Literacy counts, but not as much as numeracy
Skills for Life, the national strategy for improving adult literacy and numeracy, has had more than pound;3 billion of investment over the past five years. As a matter of public accountability we therefore need to know exactly what the benefits of this type of learning are.
The National Research and Development Centre for Adult Literacy and Numeracy has drawn on its own research - and on reviews of evidence from other organisations - to gauge the returns. Our analysis confirms that they are substantial.
The evidence is particularly strong in relation to earnings. It is also clear that the returns to numeracy learning are especially significant.
However, economic gains from Skills for Life, such as social and educational benefits, often take years to become fully apparent. A study by the National Institute for Economic and Social Research found adults who attended a basic maths course more than three years earlier were earning 13 per cent more than matched individuals who had not attended a course.
By the third year of the study the former learners had an average annual take-home pay of pound;558 more than in the first year, while non-learners earned pound;713 less than in year 1.
Higher levels of literacy and numeracy also bring better job prospects. The British Cohort Study (of people born in the same week in 1970) showed that 30-year-old women at level 1 literacy (equivalent to GCSE grades D to G) are up to 7 per cent more likely to be in the workforce than women at entry level 3, the level down.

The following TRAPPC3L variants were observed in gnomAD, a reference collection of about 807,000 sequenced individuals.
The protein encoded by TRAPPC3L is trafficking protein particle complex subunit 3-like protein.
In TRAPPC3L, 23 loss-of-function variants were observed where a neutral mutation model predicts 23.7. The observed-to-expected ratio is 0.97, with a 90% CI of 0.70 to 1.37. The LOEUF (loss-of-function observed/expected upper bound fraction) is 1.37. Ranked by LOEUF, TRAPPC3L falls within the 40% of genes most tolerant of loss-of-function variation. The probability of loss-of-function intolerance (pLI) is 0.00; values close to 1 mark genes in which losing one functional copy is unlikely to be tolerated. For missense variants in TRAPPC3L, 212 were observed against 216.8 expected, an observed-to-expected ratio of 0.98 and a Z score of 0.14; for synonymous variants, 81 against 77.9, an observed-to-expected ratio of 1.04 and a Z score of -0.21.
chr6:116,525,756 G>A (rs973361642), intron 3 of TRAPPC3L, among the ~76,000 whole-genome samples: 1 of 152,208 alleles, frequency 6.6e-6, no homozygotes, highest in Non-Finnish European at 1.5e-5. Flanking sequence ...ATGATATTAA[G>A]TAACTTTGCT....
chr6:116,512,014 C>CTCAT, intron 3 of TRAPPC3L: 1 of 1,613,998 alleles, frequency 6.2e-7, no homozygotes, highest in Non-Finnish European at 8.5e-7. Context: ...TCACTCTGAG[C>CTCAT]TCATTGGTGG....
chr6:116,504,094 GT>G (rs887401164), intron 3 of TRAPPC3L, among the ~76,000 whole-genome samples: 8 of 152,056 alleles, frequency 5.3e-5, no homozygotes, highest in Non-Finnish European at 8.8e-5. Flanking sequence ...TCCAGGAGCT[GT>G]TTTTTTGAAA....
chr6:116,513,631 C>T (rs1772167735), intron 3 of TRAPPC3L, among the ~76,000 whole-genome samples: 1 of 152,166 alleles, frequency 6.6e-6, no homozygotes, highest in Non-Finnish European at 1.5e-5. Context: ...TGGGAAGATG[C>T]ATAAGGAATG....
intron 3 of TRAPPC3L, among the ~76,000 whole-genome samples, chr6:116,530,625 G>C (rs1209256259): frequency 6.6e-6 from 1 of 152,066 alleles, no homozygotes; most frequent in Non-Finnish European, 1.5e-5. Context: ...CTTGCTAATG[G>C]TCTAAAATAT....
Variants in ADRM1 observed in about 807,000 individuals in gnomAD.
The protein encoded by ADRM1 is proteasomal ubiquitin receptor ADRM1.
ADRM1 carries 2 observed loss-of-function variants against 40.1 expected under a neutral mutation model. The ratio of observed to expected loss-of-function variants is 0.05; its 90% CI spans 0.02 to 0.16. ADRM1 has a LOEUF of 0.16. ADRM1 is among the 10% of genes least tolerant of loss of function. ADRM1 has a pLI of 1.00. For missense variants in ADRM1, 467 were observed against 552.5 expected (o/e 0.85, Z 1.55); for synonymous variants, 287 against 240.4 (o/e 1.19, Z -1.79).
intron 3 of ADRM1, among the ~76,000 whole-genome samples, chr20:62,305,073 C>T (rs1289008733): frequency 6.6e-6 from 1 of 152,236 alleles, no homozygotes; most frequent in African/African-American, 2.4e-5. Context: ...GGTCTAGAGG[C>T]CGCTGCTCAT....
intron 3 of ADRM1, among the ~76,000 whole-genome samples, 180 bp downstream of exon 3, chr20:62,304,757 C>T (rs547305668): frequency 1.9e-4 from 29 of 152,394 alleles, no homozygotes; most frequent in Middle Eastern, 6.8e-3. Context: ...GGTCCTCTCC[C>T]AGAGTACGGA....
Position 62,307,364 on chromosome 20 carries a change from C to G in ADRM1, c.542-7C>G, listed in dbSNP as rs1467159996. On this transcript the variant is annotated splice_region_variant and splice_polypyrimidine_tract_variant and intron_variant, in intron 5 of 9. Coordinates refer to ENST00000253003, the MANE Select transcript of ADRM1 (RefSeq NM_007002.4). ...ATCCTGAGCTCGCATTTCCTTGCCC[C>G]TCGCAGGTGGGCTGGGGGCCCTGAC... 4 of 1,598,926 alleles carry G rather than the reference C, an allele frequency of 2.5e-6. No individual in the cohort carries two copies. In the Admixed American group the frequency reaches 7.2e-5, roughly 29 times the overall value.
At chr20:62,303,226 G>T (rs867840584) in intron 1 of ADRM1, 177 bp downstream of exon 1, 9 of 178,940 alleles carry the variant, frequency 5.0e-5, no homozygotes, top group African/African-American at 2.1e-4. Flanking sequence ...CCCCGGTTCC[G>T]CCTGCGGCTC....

Furthermore, Skills for Life learners appear to benefit from greater self-esteem, reduced likelihood of long-term illness and commitment to their job. These are significant benefits, not least for employers who emphasise the importance of people's attitudes to their enterprise.
Intriguingly, numeracy is having a particularly important effect on socio-economic outcomes. Some researchers have suggested this is because offices require more numeracy skills than in the past, especially from women.
Whatever the reason, poor numeracy rather than poor literacy was associated with low economic well-being for adults in the British Cohort Study.
Furthermore, numeracy skills decline if not practised. This can create a vicious circle: poor numeracy leads to limited employment, which causes numeracy to deteriorate, which makes it harder to obtain and stay in employment.
At the age of 30, men and women in the British Cohort Study with poor numeracy were more than twice as likely to be unemployed as those with competent numeracy. And men with poor numeracy had the lowest hourly rates of pay.
The message could therefore hardly be clearer. Literacy counts but numeracy appears to count even more.
John Vorhaus is an associate director of the NRDCFor more about his analysis see www.nrdc.org.uk